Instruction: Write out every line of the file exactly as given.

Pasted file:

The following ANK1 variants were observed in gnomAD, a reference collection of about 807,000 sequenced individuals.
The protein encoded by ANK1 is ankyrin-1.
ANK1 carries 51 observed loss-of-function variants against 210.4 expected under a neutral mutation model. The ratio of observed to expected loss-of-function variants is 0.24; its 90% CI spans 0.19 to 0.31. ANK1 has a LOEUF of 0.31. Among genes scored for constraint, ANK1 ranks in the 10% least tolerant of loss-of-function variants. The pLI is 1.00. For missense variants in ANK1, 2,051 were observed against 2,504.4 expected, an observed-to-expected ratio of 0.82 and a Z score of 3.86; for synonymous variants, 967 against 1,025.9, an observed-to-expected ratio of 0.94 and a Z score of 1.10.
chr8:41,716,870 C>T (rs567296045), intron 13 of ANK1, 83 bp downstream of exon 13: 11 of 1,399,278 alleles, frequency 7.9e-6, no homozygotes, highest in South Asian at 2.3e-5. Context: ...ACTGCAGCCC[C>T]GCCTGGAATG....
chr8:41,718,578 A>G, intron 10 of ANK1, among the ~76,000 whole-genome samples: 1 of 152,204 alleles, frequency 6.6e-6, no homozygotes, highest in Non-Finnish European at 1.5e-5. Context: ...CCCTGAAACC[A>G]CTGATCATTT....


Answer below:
The following ANK1 variants were observed in gnomAD, a reference collection of about 807,000 sequenced individuals.
The protein encoded by ANK1 is ankyrin-1.
ANK1 carries 51 observed loss-of-function variants against 210.4 expected under a neutral mutation model. The ratio of observed to expected loss-of-function variants is 0.24; its 90% CI spans 0.19 to 0.31. ANK1 has a LOEUF of 0.31. Among genes scored for constraint, ANK1 ranks in the 10% least tolerant of loss-of-function variants. The pLI is 1.00. For missense variants in ANK1, 2,051 were observed against 2,504.4 expected, an observed-to-expected ratio of 0.82 and a Z score of 3.86; for synonymous variants, 967 against 1,025.9, an observed-to-expected ratio of 0.94 and a Z score of 1.10.
chr8:41,716,870 C>T (rs567296045), intron 13 of ANK1, 83 bp downstream of exon 13: 11 of 1,399,278 alleles, frequency 7.9e-6, no homozygotes, highest in South Asian at 2.3e-5. Context: ...ACTGCAGCCC[C>T]GCCTGGAATG....
chr8:41,718,578 A>G, intron 10 of ANK1, among the ~76,000 whole-genome samples: 1 of 152,204 alleles, frequency 6.6e-6, no homozygotes, highest in Non-Finnish European at 1.5e-5. Context: ...CCCTGAAACC[A>G]CTGATCATTT....